As a practical matter, an insurance claimant fighting an ERISA life or accidental death insurance intoxication clause denial on administrative appeal or in court without the help of a seasoned ERISA attorney is ill-advised. But that doesn’t mean you can’t win. It just means you may need help.
The reason an ERISA attorney’s help is advised is that ERISA law is complex, and some of the arguments you need to make to be successful are very technical.
The legal battle in an ERISA case, done right, can also be very tedious and time-consuming. The fight requires a ton of work from the time of the insurance company’s initial denial, through the administrative appeal process, through judgment at the district court level, then finally through judgment at the appeal court level. And the insurance companies typically hire several attorneys who specialize in ERISA law from some of the largest law firms in the country to fight the claimant’s attorney every step of the way.
Our client’s case, summarized above, is a perfect example of the amount of work that can be required to beat an insurance company who argues an intoxication defense. We took a loss on administrative appeal to CIGNA. Then we took another loss at the district court level, meaning the district court judge agreed with CIGNA’s lawyers on the intoxication exclusion defense.
It wasn’t until after taking an appeal to a three-judge panel of the U.S. Fifth Circuit Court of Appeal that my client finally received justice. All told, bringing our client’s case to a successful conclusion took hundreds of hours of work in researching and briefing the facts from an administrative record over 1000 pages long. It took finding the one critical toxicologists report that CIGNA first withheld, buried deep in that record. It took meeting with the Coroner to secure his testimony clarifying his comment made on the death certificate. It took researching and arguing the law to four judges in two separate court proceedings. And at the formal Fifth Circuit court hearing (called “oral argument”), where the attorneys make their arguments in open court to the judges, who pepper them with questions, comments and arguments about their positions, it was hard to tell whose position the judges actually favored. It was certainly nerve-racking for our client, who watched it. It wasn’t until the Court’s formal opinion landed in our email inbox a couple of months later that we could tell our client the good news.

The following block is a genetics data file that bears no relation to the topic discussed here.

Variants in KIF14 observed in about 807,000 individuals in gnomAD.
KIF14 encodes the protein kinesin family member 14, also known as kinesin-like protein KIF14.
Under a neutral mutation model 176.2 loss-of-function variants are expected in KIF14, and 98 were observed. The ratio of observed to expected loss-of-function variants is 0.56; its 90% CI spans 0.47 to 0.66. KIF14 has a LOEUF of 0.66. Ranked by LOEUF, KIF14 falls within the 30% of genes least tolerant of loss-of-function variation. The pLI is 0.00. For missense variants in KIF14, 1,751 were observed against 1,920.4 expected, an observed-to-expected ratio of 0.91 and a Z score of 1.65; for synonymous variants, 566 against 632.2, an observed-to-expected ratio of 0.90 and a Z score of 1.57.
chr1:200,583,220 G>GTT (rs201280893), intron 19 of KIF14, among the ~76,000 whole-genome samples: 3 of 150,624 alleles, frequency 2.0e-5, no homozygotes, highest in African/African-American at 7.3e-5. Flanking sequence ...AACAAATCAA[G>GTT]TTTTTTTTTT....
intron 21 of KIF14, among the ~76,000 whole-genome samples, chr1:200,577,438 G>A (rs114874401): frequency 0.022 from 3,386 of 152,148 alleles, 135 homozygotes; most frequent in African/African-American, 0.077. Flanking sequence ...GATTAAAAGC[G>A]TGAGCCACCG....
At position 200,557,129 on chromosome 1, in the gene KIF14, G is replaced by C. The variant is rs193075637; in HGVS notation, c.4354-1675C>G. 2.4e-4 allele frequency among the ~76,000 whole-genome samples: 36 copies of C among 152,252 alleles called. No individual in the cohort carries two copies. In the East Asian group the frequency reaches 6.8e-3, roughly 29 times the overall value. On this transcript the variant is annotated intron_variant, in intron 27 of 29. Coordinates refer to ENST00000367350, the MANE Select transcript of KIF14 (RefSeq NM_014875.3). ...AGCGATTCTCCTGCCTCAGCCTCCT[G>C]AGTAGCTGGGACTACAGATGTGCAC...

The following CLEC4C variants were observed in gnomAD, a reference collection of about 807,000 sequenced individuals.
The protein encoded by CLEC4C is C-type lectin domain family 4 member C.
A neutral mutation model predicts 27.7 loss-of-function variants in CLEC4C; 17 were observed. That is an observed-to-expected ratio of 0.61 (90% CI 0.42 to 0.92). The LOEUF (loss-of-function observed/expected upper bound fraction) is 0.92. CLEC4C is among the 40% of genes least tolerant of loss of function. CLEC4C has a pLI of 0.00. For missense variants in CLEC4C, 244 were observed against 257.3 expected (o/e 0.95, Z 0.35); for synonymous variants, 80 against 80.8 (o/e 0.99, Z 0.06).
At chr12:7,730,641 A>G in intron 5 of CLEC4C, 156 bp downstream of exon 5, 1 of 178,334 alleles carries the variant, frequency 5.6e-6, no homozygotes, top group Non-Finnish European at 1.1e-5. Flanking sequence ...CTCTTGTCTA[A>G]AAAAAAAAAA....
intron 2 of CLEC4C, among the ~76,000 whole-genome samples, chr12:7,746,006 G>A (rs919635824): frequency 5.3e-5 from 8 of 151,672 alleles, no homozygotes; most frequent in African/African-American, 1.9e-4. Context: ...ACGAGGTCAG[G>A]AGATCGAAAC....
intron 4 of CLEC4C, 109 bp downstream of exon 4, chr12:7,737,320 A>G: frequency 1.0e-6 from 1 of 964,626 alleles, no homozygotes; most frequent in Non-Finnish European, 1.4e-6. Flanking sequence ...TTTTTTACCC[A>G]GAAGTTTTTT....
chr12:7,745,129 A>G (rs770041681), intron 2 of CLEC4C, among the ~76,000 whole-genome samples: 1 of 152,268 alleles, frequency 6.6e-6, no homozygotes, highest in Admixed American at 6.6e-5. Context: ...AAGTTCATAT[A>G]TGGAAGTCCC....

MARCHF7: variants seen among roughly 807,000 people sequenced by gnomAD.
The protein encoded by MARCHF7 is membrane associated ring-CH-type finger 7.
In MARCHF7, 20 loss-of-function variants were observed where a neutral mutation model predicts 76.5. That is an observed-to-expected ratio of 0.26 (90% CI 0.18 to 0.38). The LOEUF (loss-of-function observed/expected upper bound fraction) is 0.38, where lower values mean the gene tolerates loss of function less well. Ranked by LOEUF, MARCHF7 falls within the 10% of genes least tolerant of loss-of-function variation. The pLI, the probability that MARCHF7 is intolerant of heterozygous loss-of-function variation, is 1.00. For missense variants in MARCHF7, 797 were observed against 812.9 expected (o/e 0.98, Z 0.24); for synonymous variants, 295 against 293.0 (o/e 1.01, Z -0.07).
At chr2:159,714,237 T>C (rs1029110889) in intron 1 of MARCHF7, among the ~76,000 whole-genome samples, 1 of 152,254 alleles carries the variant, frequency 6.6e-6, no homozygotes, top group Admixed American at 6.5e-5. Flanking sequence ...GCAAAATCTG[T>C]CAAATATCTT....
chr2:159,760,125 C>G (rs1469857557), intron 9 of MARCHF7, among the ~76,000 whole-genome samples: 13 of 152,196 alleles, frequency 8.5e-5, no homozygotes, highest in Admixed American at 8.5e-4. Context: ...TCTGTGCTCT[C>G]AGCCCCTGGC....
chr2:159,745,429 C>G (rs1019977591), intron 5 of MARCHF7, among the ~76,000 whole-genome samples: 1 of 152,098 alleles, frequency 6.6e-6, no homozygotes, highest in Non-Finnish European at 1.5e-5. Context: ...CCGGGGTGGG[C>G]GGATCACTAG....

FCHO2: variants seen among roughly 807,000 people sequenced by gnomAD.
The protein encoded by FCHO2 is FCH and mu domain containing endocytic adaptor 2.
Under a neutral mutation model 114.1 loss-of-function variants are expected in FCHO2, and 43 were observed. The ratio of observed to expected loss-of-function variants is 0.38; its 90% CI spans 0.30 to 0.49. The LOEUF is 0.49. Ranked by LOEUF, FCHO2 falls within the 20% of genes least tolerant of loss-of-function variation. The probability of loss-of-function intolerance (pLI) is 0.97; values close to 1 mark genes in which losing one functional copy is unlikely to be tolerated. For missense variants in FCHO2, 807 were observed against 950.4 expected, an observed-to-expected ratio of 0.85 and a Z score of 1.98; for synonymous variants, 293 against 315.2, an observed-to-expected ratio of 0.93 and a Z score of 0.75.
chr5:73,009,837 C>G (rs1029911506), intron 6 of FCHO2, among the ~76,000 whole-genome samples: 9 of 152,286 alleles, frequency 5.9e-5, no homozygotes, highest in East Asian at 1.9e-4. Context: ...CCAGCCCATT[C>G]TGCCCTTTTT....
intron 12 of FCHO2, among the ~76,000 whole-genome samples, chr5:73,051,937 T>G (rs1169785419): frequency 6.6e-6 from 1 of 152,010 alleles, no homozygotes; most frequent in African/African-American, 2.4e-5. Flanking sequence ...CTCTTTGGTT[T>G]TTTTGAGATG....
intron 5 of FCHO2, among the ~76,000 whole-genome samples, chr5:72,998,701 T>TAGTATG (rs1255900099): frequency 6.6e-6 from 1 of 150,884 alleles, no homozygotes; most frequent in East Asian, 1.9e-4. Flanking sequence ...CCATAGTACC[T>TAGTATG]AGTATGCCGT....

Most claimants have no real way to know what goes into researching, briefing and arguing an ERISA life or accidental death insurance intoxication exclusion case to the court.
So to give claimants some real-world perspective, we’ve reproduced in full our opening brief and reply brief filed in our client’s case with the U. S. Fifth Circuit Court of Appeals below.
If interested, you can also listen to the oral argument by clicking this link.
You can Google White v. Life Insurance Company of North America (CIGNA), 892 F.3d 762, 5th Cir.(La.), June 13, 2018, as revised (Jun 14, 2018) to read the full court opinion.
The Fifth Circuit’s judgment was a just ending for our deserving client, no doubt, but CIGNA should have simply paid the benefits it owed her without withholding critical evidence and putting her through a ridiculous fight. It would have saved court resources, attorney’s fees on both sides and much delay and distress for a grieving widow.
Unfortunately, unfair ERISA insurance claim denials won’t end anytime soon.
The most powerful tool we have at our disposal to help curb abuse is public awareness.
My client’s hope is that her story will be shared, ultimately spread to insurers across the country and hopefully curb rampant insurance company abuse.
And she also hopes that her experience will be shared with others to empower people who are victims of that abuse to keep fighting and never give up their hope for justice.
So please share her story with others.
Please also share with us any unfair insurance claim denial stories you know or have experienced.
Following graduation from Loyola Law School in New Orleans in 1990, Price McNamara served as a Federal Judicial Law Clerk to the Honorable John M Shaw, Chief Judge, United States District Court Western District of Louisiana.
Mr. McNamara founded the Law Offices of J. Price McNamara, and began putting his past experience to work for the injured and disabled clients he now represents against the insurance companies in personal injury and long term disability and other insurance disputes in both federal and state courts